How to Use Refractory Cement

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Refractory cement is also called firebrick cement.
Refractory cement is also called firebrick cement. (Image: Thinkstock/Comstock/Getty Images)

Refractory cement is used for building brick or stone fireplaces, barbecues or other installations which are subjected to intense heat. While refractory cement is similar to standard cement in how it is mixed, it differs significantly from standard cement in the use of one ingredient. Rather than using Portland cement for a cementing agent in the mixture, refractory cement uses a compound called calcium aluminate instead. This provides the heat-resistant properties needed.

Things You'll Need

  • Refractory cement mix
  • Water
  • Mixing container
  • Trowel
  • Garden hoe
  • Plastic sheeting

Dump the dry refractory cement into a mixing container such as a wheelbarrow or a bucket.

Add water to the mixture and mix with a garden hoe until it has reached the consistency of peanut butter.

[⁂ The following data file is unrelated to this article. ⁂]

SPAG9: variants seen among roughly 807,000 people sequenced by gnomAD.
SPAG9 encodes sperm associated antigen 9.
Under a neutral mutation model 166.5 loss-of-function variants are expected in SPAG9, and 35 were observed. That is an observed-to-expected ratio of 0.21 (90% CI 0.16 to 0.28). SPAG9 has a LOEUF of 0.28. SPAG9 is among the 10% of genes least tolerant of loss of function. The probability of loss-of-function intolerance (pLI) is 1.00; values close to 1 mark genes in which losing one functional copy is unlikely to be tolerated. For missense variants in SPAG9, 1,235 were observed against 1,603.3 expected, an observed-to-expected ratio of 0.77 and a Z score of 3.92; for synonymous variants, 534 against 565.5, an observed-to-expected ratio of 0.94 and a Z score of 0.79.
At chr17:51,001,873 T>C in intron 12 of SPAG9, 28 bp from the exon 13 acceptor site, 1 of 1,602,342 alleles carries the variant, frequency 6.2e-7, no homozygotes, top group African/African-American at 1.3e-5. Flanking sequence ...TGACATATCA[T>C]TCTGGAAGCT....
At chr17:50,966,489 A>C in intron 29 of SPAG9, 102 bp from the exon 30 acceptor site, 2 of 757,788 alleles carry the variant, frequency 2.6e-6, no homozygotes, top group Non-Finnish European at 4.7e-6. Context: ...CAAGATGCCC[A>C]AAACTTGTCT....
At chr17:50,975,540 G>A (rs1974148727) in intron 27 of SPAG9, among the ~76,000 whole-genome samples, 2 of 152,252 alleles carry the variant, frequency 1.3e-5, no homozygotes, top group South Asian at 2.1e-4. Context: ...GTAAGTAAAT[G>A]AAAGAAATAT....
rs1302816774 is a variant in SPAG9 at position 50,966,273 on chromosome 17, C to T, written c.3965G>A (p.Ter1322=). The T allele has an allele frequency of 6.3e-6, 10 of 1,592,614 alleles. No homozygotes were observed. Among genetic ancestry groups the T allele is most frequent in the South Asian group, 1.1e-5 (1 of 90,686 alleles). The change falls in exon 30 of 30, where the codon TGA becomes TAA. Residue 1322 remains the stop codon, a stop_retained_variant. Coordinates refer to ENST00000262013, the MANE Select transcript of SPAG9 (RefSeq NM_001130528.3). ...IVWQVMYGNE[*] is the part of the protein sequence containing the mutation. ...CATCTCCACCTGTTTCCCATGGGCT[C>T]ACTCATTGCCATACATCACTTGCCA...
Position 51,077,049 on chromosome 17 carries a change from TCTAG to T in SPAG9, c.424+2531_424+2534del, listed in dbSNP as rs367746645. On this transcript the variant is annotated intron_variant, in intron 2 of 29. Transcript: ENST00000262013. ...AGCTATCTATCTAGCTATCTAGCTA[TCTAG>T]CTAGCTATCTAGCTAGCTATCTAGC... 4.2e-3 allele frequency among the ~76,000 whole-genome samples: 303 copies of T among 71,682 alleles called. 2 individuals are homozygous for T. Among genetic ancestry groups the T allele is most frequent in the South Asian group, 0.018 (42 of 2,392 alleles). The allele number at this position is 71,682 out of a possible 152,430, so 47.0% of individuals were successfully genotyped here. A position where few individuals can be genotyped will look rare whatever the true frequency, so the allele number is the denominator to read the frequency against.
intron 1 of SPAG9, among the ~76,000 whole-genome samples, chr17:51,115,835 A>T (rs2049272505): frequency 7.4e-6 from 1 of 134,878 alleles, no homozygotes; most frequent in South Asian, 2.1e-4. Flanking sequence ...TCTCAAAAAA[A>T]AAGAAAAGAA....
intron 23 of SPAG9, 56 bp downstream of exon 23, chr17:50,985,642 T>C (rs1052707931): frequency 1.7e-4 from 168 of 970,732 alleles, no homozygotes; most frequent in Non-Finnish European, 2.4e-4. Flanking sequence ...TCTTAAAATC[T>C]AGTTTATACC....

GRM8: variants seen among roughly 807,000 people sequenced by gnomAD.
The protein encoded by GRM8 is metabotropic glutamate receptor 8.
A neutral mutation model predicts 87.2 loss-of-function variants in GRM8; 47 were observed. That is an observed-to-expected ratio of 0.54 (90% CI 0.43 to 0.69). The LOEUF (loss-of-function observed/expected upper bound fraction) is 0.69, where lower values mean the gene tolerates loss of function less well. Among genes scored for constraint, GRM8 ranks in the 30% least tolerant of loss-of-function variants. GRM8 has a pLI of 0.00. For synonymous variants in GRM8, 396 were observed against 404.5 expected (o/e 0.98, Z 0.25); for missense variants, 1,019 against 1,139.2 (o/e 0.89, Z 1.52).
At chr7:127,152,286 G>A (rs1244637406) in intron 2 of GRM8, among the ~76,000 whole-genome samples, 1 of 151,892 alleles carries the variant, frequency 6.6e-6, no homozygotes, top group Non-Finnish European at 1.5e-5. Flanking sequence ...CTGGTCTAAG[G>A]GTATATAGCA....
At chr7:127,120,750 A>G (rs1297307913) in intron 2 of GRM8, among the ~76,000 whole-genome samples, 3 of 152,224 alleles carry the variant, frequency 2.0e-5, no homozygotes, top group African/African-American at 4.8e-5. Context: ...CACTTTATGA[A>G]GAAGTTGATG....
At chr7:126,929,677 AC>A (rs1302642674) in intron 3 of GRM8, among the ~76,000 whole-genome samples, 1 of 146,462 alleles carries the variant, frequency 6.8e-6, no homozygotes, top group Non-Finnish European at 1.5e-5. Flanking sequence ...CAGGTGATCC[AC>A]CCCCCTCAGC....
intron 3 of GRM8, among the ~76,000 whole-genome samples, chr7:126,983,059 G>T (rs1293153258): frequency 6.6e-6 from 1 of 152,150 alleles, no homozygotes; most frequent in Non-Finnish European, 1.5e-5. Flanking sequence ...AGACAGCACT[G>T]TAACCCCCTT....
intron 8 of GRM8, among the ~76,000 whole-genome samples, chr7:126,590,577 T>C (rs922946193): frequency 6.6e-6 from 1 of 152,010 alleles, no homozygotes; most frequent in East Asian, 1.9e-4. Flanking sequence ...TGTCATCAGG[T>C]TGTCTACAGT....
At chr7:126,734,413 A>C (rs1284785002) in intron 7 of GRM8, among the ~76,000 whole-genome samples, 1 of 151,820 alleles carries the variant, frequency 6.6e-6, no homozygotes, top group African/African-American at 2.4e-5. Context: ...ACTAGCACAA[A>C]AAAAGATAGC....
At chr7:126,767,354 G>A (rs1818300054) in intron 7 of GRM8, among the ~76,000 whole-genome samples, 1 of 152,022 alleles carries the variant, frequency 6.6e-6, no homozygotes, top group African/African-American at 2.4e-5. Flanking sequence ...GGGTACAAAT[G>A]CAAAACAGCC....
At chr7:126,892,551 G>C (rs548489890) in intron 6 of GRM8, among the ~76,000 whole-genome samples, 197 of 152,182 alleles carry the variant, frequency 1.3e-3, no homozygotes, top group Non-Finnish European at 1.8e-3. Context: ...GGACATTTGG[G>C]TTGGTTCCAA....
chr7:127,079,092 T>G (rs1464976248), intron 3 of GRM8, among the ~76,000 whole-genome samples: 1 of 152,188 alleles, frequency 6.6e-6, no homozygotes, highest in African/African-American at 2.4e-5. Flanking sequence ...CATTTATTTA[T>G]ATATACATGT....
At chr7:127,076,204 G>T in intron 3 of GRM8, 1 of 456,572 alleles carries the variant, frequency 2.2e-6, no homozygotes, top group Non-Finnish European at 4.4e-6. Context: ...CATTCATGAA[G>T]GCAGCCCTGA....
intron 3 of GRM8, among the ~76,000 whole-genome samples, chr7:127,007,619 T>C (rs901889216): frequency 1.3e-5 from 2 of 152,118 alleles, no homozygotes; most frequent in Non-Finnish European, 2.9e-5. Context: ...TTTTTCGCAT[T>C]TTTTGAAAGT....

Apply the refractory cement to the surface on which it is being installed using a trowel. Like typical cement, the more you run the trowel across the surface of the cement, the smoother it will be as the smaller chunks of sand or broken-up firebrick sink and the smoother, lighter elements of the refractory cement rise to the top. With enough working, you can actually apply a semi-glossy surface to the cement, ideal if you are constructing a pizza oven.

Lay plastic sheeting over the surface of the cement. This will cause it to cure more slowly, preventing the formation of cracks in the surface. After five to seven days, remove the plastic sheeting and leave the refractory cement to cure for another two to three days before using the installation.

Tips & Warnings

  • Refractory cement is applied using the same principles as typical cement, and can be worked with the same tools.

References

  • "Building with Masonry: Brick, Block, and Concrete"; Dick Kreh; 1998
  • "Working with Concrete"; Rick Arnold; 2003
  • "Black & Decker: The Complete Guide to Masonry & Stonework"; Editors of Creative Publishing; 2010
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